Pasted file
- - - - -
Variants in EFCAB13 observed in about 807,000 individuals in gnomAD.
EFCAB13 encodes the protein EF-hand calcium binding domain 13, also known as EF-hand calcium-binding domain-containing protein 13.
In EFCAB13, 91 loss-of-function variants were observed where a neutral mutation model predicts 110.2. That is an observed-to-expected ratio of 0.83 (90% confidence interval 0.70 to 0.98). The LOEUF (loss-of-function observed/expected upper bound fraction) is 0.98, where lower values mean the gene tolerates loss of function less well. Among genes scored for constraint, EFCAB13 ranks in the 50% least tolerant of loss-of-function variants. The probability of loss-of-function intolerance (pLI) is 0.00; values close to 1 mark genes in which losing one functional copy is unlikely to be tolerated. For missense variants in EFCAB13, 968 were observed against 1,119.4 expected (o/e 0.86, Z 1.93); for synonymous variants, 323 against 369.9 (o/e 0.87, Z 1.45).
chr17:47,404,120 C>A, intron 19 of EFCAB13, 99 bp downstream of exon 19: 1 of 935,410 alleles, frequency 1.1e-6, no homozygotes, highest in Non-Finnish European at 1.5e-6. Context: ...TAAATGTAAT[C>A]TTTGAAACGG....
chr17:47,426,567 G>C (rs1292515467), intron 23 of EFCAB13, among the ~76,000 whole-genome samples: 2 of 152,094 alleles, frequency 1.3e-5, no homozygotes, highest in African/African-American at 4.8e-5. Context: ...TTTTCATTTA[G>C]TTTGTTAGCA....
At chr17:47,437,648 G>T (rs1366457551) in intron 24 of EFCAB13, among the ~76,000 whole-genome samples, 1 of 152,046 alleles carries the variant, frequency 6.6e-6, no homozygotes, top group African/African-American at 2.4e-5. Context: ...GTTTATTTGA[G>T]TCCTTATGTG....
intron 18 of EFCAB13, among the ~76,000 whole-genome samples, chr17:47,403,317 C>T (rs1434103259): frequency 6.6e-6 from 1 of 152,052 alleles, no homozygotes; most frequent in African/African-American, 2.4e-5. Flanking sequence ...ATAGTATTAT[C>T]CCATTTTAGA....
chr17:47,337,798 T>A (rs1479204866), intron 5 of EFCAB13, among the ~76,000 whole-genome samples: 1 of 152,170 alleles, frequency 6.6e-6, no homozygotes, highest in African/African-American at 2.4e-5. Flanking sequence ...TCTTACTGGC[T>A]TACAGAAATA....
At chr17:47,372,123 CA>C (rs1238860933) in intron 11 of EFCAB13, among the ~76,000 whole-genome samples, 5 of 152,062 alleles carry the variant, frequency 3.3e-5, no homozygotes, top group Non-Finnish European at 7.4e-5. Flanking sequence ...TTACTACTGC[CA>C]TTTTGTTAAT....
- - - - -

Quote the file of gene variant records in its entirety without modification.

Variants in EFCAB13 observed in about 807,000 individuals in gnomAD.
EFCAB13 encodes the protein EF-hand calcium binding domain 13, also known as EF-hand calcium-binding domain-containing protein 13.
In EFCAB13, 91 loss-of-function variants were observed where a neutral mutation model predicts 110.2. That is an observed-to-expected ratio of 0.83 (90% confidence interval 0.70 to 0.98). The LOEUF (loss-of-function observed/expected upper bound fraction) is 0.98, where lower values mean the gene tolerates loss of function less well. Among genes scored for constraint, EFCAB13 ranks in the 50% least tolerant of loss-of-function variants. The probability of loss-of-function intolerance (pLI) is 0.00; values close to 1 mark genes in which losing one functional copy is unlikely to be tolerated. For missense variants in EFCAB13, 968 were observed against 1,119.4 expected (o/e 0.86, Z 1.93); for synonymous variants, 323 against 369.9 (o/e 0.87, Z 1.45).
chr17:47,404,120 C>A, intron 19 of EFCAB13, 99 bp downstream of exon 19: 1 of 935,410 alleles, frequency 1.1e-6, no homozygotes, highest in Non-Finnish European at 1.5e-6. Context: ...TAAATGTAAT[C>A]TTTGAAACGG....
chr17:47,426,567 G>C (rs1292515467), intron 23 of EFCAB13, among the ~76,000 whole-genome samples: 2 of 152,094 alleles, frequency 1.3e-5, no homozygotes, highest in African/African-American at 4.8e-5. Context: ...TTTTCATTTA[G>C]TTTGTTAGCA....
At chr17:47,437,648 G>T (rs1366457551) in intron 24 of EFCAB13, among the ~76,000 whole-genome samples, 1 of 152,046 alleles carries the variant, frequency 6.6e-6, no homozygotes, top group African/African-American at 2.4e-5. Context: ...GTTTATTTGA[G>T]TCCTTATGTG....
intron 18 of EFCAB13, among the ~76,000 whole-genome samples, chr17:47,403,317 C>T (rs1434103259): frequency 6.6e-6 from 1 of 152,052 alleles, no homozygotes; most frequent in African/African-American, 2.4e-5. Flanking sequence ...ATAGTATTAT[C>T]CCATTTTAGA....
chr17:47,337,798 T>A (rs1479204866), intron 5 of EFCAB13, among the ~76,000 whole-genome samples: 1 of 152,170 alleles, frequency 6.6e-6, no homozygotes, highest in African/African-American at 2.4e-5. Flanking sequence ...TCTTACTGGC[T>A]TACAGAAATA....
At chr17:47,372,123 CA>C (rs1238860933) in intron 11 of EFCAB13, among the ~76,000 whole-genome samples, 5 of 152,062 alleles carry the variant, frequency 3.3e-5, no homozygotes, top group Non-Finnish European at 7.4e-5. Flanking sequence ...TTACTACTGC[CA>C]TTTTGTTAAT....